Jul 31, 2018

Millennials Aren’t Riding: Should They Be?

RumbleOn Road Captain

What's the Deal With Millennials and Motorcycles?

It's really no secret, the word ‘Millennial’ has taken on an entirely different meaning these days. Beyond categorizing the group of people born in Generation Y (1981-1991) and Generation Z (1991-2001), there are far more negative connotations associated with this word.

Hear me out, though. This article has everything to do with Millennials, but for all the right reasons. This is a conversation you’ll want to pay attention to because I'm going to address some of the issues facing Millennials and future generations when it comes to riding.

Why aren’t Millennials interested in motorcycles and the biking world?


This is a glaring issue, and probably the most prominent one. If you assumed Millennials are money-conscious, you assumed correctly. As you can imagine, many Millennials are recent college graduates, and this status typically comes with a hefty amount of student loans and other financial setbacks. The fact is, most of them are walking out with dollar signs breathing down their necks.

Most recent graduates aren't able to afford certain luxuries (I certainly wasn't when I was in school), meaning things like food, water, and shelter take precedence. It’s often tough for Millennials to justify shelling out a potential $6,000 for a bike when this money could be used to reduce any outstanding student loan debt. While $6,000 may not be much to a financially established 45-year-old (a member of Generation X, mind you), it's a hefty sum for Millennials.

Where they live:

Come to find out, not every place is equipped to support the biker lifestyle. For instance, I’m far more likely to enjoy riding in the weaving hills of Tennessee, than I am in the ‘raining cats and dogs’ of Seattle. Even so, most busy cities are far from rider friendly as they boast highly over-crowded population levels, which directly equates to higher traffic levels. Typically, the more people on the road there are, the higher your chances are of encountering danger, and bikers are no exception.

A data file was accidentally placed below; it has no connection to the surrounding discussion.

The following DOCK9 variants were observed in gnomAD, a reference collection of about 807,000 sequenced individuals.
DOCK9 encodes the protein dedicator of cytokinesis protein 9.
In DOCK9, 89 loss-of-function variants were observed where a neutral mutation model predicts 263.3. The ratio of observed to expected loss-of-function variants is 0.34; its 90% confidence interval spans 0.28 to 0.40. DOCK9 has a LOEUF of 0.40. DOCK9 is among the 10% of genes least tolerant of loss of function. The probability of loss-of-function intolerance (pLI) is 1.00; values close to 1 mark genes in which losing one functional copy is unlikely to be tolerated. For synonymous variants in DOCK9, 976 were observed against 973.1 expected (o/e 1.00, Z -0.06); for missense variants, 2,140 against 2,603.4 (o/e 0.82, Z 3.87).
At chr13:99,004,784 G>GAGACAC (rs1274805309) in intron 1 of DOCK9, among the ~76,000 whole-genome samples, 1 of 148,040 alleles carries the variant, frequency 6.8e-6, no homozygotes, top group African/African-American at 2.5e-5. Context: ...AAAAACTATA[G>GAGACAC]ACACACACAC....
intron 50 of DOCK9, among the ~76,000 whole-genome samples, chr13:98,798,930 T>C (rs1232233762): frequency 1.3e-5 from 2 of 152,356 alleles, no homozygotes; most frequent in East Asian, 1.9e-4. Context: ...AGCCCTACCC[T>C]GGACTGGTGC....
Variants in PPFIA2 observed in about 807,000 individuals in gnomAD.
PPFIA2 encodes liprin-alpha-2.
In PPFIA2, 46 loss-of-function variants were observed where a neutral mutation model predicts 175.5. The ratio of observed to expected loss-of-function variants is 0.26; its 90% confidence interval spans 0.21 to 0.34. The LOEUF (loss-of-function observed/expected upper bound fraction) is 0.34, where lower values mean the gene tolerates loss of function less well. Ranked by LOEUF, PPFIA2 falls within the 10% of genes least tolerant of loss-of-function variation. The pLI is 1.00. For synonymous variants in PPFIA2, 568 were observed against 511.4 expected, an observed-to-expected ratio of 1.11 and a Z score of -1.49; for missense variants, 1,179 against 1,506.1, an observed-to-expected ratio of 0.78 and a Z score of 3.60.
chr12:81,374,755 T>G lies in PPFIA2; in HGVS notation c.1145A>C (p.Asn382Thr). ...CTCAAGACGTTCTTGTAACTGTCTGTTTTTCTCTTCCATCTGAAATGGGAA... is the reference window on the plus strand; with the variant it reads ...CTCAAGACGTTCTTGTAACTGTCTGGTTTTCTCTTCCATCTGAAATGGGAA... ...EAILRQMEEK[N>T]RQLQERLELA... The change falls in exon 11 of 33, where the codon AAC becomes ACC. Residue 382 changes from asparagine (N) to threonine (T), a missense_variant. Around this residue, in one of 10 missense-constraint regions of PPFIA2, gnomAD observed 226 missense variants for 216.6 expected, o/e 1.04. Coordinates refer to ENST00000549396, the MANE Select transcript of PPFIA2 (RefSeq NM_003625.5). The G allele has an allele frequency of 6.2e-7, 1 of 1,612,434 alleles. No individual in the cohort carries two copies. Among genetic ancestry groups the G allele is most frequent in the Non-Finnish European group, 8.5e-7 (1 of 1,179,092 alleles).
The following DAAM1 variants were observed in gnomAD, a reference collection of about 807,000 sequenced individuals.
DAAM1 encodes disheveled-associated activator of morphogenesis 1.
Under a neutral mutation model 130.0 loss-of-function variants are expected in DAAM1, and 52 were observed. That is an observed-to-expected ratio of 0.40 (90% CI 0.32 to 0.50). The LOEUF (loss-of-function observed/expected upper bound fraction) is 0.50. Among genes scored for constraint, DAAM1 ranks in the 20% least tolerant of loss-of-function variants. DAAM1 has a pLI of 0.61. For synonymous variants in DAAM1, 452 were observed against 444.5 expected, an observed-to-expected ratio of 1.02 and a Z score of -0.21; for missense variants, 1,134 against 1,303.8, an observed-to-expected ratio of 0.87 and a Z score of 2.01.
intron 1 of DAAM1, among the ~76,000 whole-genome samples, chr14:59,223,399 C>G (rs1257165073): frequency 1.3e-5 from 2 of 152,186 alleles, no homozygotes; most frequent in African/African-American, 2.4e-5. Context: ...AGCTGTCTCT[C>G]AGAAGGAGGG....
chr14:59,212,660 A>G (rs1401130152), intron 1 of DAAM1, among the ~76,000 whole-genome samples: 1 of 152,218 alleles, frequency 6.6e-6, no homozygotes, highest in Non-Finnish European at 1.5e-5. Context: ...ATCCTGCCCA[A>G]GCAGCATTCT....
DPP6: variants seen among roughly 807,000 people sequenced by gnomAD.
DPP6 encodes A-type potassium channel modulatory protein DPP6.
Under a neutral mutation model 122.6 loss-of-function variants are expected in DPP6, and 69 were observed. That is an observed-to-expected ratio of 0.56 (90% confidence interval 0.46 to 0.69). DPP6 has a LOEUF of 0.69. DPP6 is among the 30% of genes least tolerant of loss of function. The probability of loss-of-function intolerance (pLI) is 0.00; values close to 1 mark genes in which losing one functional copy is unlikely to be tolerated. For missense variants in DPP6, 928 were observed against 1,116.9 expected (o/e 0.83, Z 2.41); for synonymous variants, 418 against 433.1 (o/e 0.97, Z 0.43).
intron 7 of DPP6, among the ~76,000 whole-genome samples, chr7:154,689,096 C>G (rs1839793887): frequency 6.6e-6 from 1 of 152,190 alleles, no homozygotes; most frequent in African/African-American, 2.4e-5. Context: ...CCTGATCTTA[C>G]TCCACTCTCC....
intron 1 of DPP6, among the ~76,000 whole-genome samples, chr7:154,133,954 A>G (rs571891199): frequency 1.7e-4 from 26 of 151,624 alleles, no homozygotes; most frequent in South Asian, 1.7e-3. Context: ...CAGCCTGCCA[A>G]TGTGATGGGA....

With this in mind, college graduates typically flock to large cities in the hopes securing a job. And while cities seem to be the perfect hub for opportunities, they're not always the ideal choice for riding.

Discomfort associated with biking and lack of knowledge:

There’s no way around it—riding a motorcycle can be a daunting activity for those who don’t have the experience. Their fear isn’t entirely misplaced, though, because motorcycles do present certain risks that cars don't.

If you didn’t grow up in a riding family, then motorcycles are not only foreign to you, but also frightening because you probably didn't receive any education about the sport. When Millennials see a bike, these are probably the stand-outs they hone in on: there’s no seat belt, no windows to act as a barrier, and riders are exposed to all of the elements, all the time. Not exactly the ideal model of ‘security,' is it? But, as with most things, educating these wary youths in the art of riding can dispel some of the fears they might initially feel at even the mention of 'motorcycle.'

They struggle to see the benefits of riding:

Millennials struggle to pinpoint the benefits of riding a motorcycle, there's no doubt about that. Instead of considering the good, they see what I've illustrated above, which is a potentially risky method of transportation that doesn't necessarily bode well for their pocketbooks.

But being educated on the wealth of advantages typically isn’t enough to seal the deal for these young'uns either, is it? For Millennials to feel firm on the subject, they'll want experiences and memories to lead them to acceptance, which, when you think about it, is the case for most of us. Without experiences, a change of heart will be difficult to achieve.